By Hana Hong
Aug 24, 2016 @ 4:45 pm
Getty Images

If you've ever wanted to create hilarious face swaps, adorable dog-eared selfies, or bulbous foreheads galore, you turned to Snapchat. As the one of the most dominant and frequently downloaded apps in America, it revolutionized the concept of instant messaging—in the form of self-destructive photos and a nostalgic throwback that reminded us all of the hours spent on Apple PhotoBooth.

However, Snapchat has lower levels of popularity in places like Korea and Japan, and is even blatantly outlawed for Chinese users. Not surprisingly, other Asian apps have thrived within the relatively small mobile and tech-savvy market.

South Korea uses Kakao Talk, Japan uses LINE, and China uses WeChat. However, none of these offer the sharing capabilities and addictive filters that Snapchat brings to the table.

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Enter in Snow, a South Korean Snapchat clone that showcases how even the most renowned American smartphone apps don't fully dominate the technology engineering niche in rapidly-evolving Asian countries. Made by South Korea's internet ruler Naver and focusing on Asian consumers, it has garnered over 30 million users, according to The New York Times, since its inception in September.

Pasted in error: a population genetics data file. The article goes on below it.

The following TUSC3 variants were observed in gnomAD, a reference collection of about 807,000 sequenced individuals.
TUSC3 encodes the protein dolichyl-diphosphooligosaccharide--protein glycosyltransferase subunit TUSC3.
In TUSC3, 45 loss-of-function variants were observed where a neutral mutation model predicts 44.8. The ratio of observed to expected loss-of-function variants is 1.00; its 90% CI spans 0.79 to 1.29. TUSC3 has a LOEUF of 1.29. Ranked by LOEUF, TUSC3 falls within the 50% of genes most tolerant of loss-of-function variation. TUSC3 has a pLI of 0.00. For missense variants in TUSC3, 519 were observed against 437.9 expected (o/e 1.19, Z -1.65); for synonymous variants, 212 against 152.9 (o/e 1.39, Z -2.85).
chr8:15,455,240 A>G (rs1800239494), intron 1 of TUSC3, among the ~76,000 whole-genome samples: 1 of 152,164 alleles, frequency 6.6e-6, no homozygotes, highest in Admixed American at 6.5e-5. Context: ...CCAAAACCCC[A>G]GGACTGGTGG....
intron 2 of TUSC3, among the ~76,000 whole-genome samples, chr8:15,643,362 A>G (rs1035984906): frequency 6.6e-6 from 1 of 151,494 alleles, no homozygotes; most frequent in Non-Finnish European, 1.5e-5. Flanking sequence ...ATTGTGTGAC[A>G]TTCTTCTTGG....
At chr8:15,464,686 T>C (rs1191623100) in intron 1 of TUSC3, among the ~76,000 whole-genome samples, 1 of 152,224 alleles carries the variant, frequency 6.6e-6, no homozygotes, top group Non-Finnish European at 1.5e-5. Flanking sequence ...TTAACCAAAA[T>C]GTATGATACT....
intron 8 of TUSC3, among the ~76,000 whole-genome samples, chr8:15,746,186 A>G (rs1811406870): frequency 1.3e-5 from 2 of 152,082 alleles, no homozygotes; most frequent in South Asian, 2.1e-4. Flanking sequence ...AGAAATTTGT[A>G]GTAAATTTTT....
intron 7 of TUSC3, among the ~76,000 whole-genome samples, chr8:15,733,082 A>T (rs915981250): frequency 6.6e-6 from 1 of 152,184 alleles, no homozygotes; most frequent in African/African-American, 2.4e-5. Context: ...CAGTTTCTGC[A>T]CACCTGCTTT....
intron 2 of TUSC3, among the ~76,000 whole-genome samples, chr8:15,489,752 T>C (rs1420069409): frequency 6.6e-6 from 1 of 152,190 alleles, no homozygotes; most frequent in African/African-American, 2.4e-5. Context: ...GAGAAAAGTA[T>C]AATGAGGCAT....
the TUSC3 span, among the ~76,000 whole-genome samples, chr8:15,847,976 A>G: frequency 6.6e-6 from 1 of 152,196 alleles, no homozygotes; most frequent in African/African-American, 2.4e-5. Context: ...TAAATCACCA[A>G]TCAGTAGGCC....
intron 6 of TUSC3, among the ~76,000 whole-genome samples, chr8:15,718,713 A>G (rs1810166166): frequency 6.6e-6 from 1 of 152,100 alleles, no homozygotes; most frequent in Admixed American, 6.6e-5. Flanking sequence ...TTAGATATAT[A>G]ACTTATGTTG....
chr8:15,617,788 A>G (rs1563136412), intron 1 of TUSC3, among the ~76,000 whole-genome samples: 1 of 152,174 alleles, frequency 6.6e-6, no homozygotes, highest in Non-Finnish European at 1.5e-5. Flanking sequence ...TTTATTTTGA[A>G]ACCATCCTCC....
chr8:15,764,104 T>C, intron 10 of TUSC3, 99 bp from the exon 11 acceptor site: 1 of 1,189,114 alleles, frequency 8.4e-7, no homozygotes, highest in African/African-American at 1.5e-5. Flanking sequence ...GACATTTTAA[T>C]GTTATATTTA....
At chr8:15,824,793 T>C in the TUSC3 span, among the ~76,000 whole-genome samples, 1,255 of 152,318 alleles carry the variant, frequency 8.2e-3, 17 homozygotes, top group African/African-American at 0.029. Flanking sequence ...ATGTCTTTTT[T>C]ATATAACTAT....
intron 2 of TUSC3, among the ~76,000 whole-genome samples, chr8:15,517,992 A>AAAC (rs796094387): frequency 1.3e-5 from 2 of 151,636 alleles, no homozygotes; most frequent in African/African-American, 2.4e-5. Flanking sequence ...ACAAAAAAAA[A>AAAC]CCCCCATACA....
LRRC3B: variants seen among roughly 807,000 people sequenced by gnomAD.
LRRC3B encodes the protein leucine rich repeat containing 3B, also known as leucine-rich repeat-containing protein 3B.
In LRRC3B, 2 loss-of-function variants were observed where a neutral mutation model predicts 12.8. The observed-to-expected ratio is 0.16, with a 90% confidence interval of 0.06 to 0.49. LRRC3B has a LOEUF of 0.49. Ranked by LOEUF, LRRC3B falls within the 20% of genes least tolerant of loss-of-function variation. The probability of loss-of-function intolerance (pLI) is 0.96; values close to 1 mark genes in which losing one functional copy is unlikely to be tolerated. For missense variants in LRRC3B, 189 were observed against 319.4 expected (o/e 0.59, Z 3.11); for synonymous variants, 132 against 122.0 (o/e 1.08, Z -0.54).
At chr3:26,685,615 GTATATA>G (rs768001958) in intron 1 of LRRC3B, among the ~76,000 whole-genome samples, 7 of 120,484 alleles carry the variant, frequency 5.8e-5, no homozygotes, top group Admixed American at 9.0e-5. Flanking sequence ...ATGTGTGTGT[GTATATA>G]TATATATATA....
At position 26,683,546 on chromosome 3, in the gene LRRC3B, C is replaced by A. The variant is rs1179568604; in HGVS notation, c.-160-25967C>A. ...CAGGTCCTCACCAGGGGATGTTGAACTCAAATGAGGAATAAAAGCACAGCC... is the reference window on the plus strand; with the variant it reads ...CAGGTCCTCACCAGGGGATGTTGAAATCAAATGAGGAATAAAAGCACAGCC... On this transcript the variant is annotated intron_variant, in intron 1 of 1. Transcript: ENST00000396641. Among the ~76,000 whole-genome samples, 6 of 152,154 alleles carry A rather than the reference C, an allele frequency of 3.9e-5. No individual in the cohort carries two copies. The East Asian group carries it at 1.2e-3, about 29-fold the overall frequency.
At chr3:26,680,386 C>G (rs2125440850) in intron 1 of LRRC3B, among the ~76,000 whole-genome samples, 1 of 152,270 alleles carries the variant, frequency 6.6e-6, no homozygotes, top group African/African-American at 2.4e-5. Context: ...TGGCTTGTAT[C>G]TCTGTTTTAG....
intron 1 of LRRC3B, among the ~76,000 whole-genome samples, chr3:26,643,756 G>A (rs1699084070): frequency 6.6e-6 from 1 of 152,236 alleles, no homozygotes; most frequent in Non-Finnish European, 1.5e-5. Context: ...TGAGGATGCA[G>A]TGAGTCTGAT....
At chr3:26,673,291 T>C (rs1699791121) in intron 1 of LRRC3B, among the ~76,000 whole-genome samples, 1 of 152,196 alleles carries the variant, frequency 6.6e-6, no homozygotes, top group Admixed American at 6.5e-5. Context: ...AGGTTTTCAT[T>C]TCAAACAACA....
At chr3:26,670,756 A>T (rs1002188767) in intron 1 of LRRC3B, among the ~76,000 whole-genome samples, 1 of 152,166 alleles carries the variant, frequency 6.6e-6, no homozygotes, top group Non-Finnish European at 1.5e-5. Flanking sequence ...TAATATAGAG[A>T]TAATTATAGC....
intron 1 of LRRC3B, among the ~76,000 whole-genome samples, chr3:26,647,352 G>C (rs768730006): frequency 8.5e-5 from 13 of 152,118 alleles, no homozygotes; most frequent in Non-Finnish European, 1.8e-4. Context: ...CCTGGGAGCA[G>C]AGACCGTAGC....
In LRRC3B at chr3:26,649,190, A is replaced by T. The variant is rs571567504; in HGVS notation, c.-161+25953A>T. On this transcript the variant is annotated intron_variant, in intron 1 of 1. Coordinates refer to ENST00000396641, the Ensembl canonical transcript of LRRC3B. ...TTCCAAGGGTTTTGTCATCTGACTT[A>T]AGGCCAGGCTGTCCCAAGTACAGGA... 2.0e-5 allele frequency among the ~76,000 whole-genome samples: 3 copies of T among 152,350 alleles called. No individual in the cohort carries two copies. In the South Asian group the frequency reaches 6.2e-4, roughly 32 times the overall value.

Snow has access to around 720 million users in a widely expanding market, thirsty for a more personal form of messaging. Riding high atop the iOS market chart in China, Asian users are choosing this imitation over its massively popular predecessor.

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While Snapchat holds around 15 filters for the user, Snow boasts an impressive collection of over 100 to boot. These include the plethora of filters that we have come to love, such as princess crowns to woo bae, comically long chins to send to our friends, and terrifying demon eyes to scare our mothers.

ロケのあとには…… この方、 #青木英李 ちゃんと合流〜💕 . . 2人して 遅めにはまった #SNOW で遊ぶの巻❤️ . . 会うだけで元気もらえる😍💕 本当友達って最高やなぁ☺️❤️ . . . #SNOW で丸顔っぽく加工されるやつあるけど 私の場合、ほぼ変わらない🙄

A photo posted by 鈴木あきえ (@akiesuzuki0312) on

Amors weo ✌🏻️👽🌺 #Snow #selfie #siyofuerahombre

A photo posted by Karen Pony (@karen_ponyland) on

Amors weo ✌🏻️👽🌺 #Snow #selfie #siyofuerahombre

A photo posted by Karen Pony (@karen_ponyland) on

まったりしてるロンにSNOW試したら反応して笑い転げた 顔がしらけてるのも申し訳ないけど笑ってしまう(笑) ごめんよ(´・д・`)笑 #犬にsnow #SNOW#ポメラニアン#Pomeranian#ポメラニアンが世界一可愛い #愛犬 #ふわもこ部

A photo posted by Yumi Adachi (@yumi718a) on

However, Snow also lets users utilize sentimental cultural elements such as soju swigging businessmen, images of Korean pop stars, heavenly rain of fried chicken, and adorable digital stickers. They even have sumo wrestlers and sushi filters for those in China and Japan.

One of the unique functions that is appealing to Instagram addicts everywhere is its extensive range of tonal camera filters with similar beautifying tools to the Facebook-compatible BeautyPlus. There's also a mode that lets you snap your very own GIFs using your phone's camera. You can even share your filtered masterpiece to Instagram or Facebook.

Users can also add images and video snippets to their Story, which remain viewable for 72 hours as opposed to Snapchat's 24. Other unique features include options like direct video chat, something widely appealing to teenagers and young adults.

Although Snapchat may be banned in China, Snow holds no boundaries for the American user hungry for another way to shamelessly share selfies. You can snap it up on iOS and Android today.